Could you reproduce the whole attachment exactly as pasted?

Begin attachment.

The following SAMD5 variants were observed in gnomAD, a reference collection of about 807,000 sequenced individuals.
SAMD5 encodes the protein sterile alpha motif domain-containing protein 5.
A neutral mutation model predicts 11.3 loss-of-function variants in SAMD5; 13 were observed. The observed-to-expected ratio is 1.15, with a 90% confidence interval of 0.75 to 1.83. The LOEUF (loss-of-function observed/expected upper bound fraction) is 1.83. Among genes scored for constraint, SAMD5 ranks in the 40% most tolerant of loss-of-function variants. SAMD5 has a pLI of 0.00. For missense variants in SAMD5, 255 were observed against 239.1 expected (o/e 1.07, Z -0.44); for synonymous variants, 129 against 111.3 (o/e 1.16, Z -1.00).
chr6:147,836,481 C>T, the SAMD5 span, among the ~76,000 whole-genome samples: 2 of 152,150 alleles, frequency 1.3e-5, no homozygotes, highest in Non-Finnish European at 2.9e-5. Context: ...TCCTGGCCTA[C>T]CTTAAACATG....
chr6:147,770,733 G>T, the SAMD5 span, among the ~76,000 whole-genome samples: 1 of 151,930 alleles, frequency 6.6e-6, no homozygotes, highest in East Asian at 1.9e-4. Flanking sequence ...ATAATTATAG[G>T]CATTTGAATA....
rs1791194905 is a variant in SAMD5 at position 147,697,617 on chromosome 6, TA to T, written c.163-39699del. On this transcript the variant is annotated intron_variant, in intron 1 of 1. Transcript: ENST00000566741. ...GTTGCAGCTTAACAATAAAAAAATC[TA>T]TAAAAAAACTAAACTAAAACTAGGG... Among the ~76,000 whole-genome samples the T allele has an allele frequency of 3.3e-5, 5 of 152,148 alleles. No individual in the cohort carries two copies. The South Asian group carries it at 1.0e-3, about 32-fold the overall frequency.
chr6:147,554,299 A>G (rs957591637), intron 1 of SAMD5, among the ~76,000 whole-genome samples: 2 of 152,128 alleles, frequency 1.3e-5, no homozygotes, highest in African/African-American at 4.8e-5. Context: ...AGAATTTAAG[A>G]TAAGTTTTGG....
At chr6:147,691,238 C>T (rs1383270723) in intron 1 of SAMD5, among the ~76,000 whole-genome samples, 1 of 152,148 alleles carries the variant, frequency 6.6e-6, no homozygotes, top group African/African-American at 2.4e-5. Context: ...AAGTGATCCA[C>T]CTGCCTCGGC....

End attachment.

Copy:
The following SAMD5 variants were observed in gnomAD, a reference collection of about 807,000 sequenced individuals.
SAMD5 encodes the protein sterile alpha motif domain-containing protein 5.
A neutral mutation model predicts 11.3 loss-of-function variants in SAMD5; 13 were observed. The observed-to-expected ratio is 1.15, with a 90% confidence interval of 0.75 to 1.83. The LOEUF (loss-of-function observed/expected upper bound fraction) is 1.83. Among genes scored for constraint, SAMD5 ranks in the 40% most tolerant of loss-of-function variants. SAMD5 has a pLI of 0.00. For missense variants in SAMD5, 255 were observed against 239.1 expected (o/e 1.07, Z -0.44); for synonymous variants, 129 against 111.3 (o/e 1.16, Z -1.00).
chr6:147,836,481 C>T, the SAMD5 span, among the ~76,000 whole-genome samples: 2 of 152,150 alleles, frequency 1.3e-5, no homozygotes, highest in Non-Finnish European at 2.9e-5. Context: ...TCCTGGCCTA[C>T]CTTAAACATG....
chr6:147,770,733 G>T, the SAMD5 span, among the ~76,000 whole-genome samples: 1 of 151,930 alleles, frequency 6.6e-6, no homozygotes, highest in East Asian at 1.9e-4. Flanking sequence ...ATAATTATAG[G>T]CATTTGAATA....
rs1791194905 is a variant in SAMD5 at position 147,697,617 on chromosome 6, TA to T, written c.163-39699del. On this transcript the variant is annotated intron_variant, in intron 1 of 1. Transcript: ENST00000566741. ...GTTGCAGCTTAACAATAAAAAAATC[TA>T]TAAAAAAACTAAACTAAAACTAGGG... Among the ~76,000 whole-genome samples the T allele has an allele frequency of 3.3e-5, 5 of 152,148 alleles. No individual in the cohort carries two copies. The South Asian group carries it at 1.0e-3, about 32-fold the overall frequency.
chr6:147,554,299 A>G (rs957591637), intron 1 of SAMD5, among the ~76,000 whole-genome samples: 2 of 152,128 alleles, frequency 1.3e-5, no homozygotes, highest in African/African-American at 4.8e-5. Context: ...AGAATTTAAG[A>G]TAAGTTTTGG....
At chr6:147,691,238 C>T (rs1383270723) in intron 1 of SAMD5, among the ~76,000 whole-genome samples, 1 of 152,148 alleles carries the variant, frequency 6.6e-6, no homozygotes, top group African/African-American at 2.4e-5. Context: ...AAGTGATCCA[C>T]CTGCCTCGGC....